For patients with an untreated serious illness, clinical trials offer a ray of hope.
Should that hope be fulfilled and the investigational therapy prove successful, patients naturally wish to remain on the therapy. There is a gap, however, between the close of a trial and the availability of the investigational product on the market – a gap that could extend for months or even years. What then, should patients who wish to continue on therapy do?
Sponsors have two compassionate options: a long-term follow-up (LTFU) study, which runs parallel to the regulatory approval process and negotiations over pricing and reimbursement with payers and health technology assessment bodies, or a managed access program (MAP), which is a regulatory mechanism for providing patients with access to the investigational product while it is still under review for marketing approval and reimbursement.
There are compelling reasons for sponsors to opt for a MAP over a LTFU study. Depending upon the sponsor’s evidence goals, MAPs may serve as a cost-effective alternative to expensive LTFU studies, however, they require early planning and expertise that differs from that needed in clinical trials and must be run based on a different set of goals, procedures, and skill sets.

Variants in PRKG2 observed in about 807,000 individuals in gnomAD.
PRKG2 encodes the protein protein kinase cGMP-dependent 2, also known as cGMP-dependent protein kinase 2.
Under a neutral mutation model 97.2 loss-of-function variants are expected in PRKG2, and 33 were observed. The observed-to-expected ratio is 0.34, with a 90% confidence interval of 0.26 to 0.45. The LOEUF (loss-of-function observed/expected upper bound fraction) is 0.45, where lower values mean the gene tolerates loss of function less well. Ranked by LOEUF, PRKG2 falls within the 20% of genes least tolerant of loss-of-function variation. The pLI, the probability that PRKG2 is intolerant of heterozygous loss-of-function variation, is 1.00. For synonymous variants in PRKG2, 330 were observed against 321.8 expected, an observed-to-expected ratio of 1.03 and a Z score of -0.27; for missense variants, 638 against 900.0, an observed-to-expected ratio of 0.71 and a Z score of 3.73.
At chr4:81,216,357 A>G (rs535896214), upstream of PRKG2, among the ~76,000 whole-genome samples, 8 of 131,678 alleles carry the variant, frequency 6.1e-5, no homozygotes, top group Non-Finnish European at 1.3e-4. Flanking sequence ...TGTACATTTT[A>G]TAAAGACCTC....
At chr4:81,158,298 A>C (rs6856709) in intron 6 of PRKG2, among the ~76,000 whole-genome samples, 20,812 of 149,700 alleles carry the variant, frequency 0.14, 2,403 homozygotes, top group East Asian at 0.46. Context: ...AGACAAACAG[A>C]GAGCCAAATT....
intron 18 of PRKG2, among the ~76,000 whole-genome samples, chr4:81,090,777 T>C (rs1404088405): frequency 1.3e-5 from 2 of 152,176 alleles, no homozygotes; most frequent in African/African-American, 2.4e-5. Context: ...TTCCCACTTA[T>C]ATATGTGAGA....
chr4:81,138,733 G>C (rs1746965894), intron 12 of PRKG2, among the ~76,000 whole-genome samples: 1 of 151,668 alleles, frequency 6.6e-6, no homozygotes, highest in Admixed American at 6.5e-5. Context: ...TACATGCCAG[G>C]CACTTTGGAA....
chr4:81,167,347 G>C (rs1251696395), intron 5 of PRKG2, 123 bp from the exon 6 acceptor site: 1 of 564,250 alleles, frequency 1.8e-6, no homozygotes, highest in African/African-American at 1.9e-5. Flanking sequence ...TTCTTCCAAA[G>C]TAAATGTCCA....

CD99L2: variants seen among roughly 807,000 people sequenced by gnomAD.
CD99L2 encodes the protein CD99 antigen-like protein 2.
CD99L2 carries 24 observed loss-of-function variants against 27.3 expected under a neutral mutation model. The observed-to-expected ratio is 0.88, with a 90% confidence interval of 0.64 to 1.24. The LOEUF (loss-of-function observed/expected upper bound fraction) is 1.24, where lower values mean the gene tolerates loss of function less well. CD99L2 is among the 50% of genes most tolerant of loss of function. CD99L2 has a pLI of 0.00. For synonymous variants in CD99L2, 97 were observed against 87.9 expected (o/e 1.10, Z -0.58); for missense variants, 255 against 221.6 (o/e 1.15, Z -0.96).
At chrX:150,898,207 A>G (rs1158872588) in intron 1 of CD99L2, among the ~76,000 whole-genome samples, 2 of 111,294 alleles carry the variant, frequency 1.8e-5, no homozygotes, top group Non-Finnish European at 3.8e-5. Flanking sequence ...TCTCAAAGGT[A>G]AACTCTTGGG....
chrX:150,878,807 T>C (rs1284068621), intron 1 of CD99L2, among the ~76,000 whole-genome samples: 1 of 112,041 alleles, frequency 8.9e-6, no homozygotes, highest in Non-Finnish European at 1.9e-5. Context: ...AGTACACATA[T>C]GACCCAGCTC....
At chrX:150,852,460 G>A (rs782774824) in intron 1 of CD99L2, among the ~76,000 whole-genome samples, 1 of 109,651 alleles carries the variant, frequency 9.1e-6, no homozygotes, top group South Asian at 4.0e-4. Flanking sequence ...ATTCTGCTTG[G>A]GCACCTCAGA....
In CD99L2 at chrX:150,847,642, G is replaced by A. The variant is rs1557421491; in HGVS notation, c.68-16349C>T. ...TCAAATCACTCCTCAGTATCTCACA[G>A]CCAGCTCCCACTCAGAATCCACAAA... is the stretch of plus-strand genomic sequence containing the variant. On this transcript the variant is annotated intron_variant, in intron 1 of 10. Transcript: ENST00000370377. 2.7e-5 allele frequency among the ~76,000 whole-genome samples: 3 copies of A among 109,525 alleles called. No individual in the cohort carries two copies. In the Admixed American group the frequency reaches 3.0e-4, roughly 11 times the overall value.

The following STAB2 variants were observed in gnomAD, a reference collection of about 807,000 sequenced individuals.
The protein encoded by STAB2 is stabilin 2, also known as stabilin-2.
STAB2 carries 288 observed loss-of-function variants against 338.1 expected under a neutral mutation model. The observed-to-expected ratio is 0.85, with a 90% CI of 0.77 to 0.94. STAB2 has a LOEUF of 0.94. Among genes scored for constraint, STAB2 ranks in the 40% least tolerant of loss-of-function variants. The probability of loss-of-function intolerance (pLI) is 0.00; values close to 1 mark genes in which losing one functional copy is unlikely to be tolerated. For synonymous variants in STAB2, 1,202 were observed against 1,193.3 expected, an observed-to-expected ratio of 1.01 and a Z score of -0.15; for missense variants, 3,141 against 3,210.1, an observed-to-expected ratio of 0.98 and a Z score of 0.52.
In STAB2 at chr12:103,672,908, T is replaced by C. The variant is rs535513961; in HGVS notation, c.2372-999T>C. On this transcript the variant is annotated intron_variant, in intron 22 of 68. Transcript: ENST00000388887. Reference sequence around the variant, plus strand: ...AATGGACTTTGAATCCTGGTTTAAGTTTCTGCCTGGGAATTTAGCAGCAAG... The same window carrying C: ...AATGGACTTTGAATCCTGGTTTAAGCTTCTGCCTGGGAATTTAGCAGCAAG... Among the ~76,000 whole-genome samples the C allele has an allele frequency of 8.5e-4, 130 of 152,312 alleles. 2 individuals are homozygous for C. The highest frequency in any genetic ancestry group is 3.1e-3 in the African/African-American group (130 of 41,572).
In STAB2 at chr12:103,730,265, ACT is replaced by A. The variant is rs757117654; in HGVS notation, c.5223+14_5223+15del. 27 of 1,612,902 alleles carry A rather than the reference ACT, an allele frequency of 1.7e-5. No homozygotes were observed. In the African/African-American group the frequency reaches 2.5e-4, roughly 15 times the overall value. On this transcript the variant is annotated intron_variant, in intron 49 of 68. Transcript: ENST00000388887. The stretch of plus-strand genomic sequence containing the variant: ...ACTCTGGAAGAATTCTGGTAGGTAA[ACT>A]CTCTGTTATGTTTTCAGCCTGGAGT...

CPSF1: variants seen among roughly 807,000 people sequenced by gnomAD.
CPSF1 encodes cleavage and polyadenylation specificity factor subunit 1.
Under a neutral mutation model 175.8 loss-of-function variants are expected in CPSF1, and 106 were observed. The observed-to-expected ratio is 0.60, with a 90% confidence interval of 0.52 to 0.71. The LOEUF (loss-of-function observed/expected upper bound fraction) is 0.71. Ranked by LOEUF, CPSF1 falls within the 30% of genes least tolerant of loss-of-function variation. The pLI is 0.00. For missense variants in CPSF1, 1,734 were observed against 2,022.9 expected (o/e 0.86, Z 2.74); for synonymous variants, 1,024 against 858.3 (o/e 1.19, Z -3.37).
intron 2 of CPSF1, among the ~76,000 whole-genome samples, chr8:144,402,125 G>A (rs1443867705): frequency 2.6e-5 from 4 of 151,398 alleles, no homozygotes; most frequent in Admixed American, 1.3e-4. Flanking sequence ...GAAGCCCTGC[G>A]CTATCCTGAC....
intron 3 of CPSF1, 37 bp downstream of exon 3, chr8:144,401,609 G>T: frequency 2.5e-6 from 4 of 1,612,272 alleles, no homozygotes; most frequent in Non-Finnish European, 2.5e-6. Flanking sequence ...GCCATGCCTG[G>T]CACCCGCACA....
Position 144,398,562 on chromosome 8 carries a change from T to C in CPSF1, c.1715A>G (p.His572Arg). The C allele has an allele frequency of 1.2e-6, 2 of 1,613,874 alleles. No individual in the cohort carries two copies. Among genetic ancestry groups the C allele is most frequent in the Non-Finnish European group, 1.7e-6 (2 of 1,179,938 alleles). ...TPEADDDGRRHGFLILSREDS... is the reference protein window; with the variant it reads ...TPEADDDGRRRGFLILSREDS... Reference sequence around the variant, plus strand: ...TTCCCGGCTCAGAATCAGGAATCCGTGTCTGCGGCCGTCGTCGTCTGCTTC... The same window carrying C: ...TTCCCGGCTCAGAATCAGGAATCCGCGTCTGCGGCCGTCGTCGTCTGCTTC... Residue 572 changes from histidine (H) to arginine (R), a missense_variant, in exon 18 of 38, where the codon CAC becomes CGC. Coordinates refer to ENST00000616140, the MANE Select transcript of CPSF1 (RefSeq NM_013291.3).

Clinical teams are, therefore, often unfamiliar with how best to manage MAPs since they are not, in any sense, clinical trials.
Assembling the correct project team with the expertise and skills specific to a MAP is critical to ensuring a successful programme. Navigating the regulatory and logistical intricacies requires individuals capable of flexible and strategic critical thinking. Every MAP has a distinct personality based on the disease type, sponsor philosophy, patient population, development stage, etc. The existing guidance in both the US and EU does not provide details to address each potential scenario, so sponsors must ensure that they fully understand the requirements and allowable processes from the outset.
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This blog is an edited version of “Mind the gap: Managed access programmes as an alternative to long-term follow up studies” which appeared in the March 2021 issue of Pharmafocus. To view the full article, please visit https://en.calameo.com/read/0061133858eb13eaeff04?page=16.